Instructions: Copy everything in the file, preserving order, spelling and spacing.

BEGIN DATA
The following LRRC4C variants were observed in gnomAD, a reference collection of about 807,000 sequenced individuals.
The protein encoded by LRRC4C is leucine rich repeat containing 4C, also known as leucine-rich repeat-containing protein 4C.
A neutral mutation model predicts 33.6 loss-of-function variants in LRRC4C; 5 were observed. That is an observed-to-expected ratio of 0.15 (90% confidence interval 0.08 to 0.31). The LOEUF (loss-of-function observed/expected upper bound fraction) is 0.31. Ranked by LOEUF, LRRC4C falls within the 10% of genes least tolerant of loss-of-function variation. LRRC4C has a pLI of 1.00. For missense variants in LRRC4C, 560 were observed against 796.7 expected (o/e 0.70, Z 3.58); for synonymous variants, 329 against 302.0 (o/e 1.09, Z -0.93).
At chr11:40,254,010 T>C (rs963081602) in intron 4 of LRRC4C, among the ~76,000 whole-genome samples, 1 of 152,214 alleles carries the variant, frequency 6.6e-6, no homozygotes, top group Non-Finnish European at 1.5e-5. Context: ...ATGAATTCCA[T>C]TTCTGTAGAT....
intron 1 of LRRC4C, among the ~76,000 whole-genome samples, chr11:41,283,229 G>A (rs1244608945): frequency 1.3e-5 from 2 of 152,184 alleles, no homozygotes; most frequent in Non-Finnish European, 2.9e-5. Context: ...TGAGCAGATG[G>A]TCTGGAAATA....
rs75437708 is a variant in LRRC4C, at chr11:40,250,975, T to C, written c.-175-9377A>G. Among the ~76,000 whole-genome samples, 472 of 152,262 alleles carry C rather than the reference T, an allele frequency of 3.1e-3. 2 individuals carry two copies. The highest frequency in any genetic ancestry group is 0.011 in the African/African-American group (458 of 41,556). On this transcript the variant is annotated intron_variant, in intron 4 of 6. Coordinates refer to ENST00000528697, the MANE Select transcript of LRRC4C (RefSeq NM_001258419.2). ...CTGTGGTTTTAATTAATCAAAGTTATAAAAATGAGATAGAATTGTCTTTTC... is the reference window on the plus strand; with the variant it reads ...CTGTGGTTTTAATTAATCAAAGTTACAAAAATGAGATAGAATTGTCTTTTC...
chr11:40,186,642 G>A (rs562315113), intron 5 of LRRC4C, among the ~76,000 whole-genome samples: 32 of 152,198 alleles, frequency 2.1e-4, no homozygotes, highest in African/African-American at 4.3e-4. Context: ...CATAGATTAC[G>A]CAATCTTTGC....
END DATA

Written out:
The following LRRC4C variants were observed in gnomAD, a reference collection of about 807,000 sequenced individuals.
The protein encoded by LRRC4C is leucine rich repeat containing 4C, also known as leucine-rich repeat-containing protein 4C.
A neutral mutation model predicts 33.6 loss-of-function variants in LRRC4C; 5 were observed. That is an observed-to-expected ratio of 0.15 (90% confidence interval 0.08 to 0.31). The LOEUF (loss-of-function observed/expected upper bound fraction) is 0.31. Ranked by LOEUF, LRRC4C falls within the 10% of genes least tolerant of loss-of-function variation. LRRC4C has a pLI of 1.00. For missense variants in LRRC4C, 560 were observed against 796.7 expected (o/e 0.70, Z 3.58); for synonymous variants, 329 against 302.0 (o/e 1.09, Z -0.93).
At chr11:40,254,010 T>C (rs963081602) in intron 4 of LRRC4C, among the ~76,000 whole-genome samples, 1 of 152,214 alleles carries the variant, frequency 6.6e-6, no homozygotes, top group Non-Finnish European at 1.5e-5. Context: ...ATGAATTCCA[T>C]TTCTGTAGAT....
intron 1 of LRRC4C, among the ~76,000 whole-genome samples, chr11:41,283,229 G>A (rs1244608945): frequency 1.3e-5 from 2 of 152,184 alleles, no homozygotes; most frequent in Non-Finnish European, 2.9e-5. Context: ...TGAGCAGATG[G>A]TCTGGAAATA....
rs75437708 is a variant in LRRC4C, at chr11:40,250,975, T to C, written c.-175-9377A>G. Among the ~76,000 whole-genome samples, 472 of 152,262 alleles carry C rather than the reference T, an allele frequency of 3.1e-3. 2 individuals carry two copies. The highest frequency in any genetic ancestry group is 0.011 in the African/African-American group (458 of 41,556). On this transcript the variant is annotated intron_variant, in intron 4 of 6. Coordinates refer to ENST00000528697, the MANE Select transcript of LRRC4C (RefSeq NM_001258419.2). ...CTGTGGTTTTAATTAATCAAAGTTATAAAAATGAGATAGAATTGTCTTTTC... is the reference window on the plus strand; with the variant it reads ...CTGTGGTTTTAATTAATCAAAGTTACAAAAATGAGATAGAATTGTCTTTTC...
chr11:40,186,642 G>A (rs562315113), intron 5 of LRRC4C, among the ~76,000 whole-genome samples: 32 of 152,198 alleles, frequency 2.1e-4, no homozygotes, highest in African/African-American at 4.3e-4. Context: ...CATAGATTAC[G>A]CAATCTTTGC....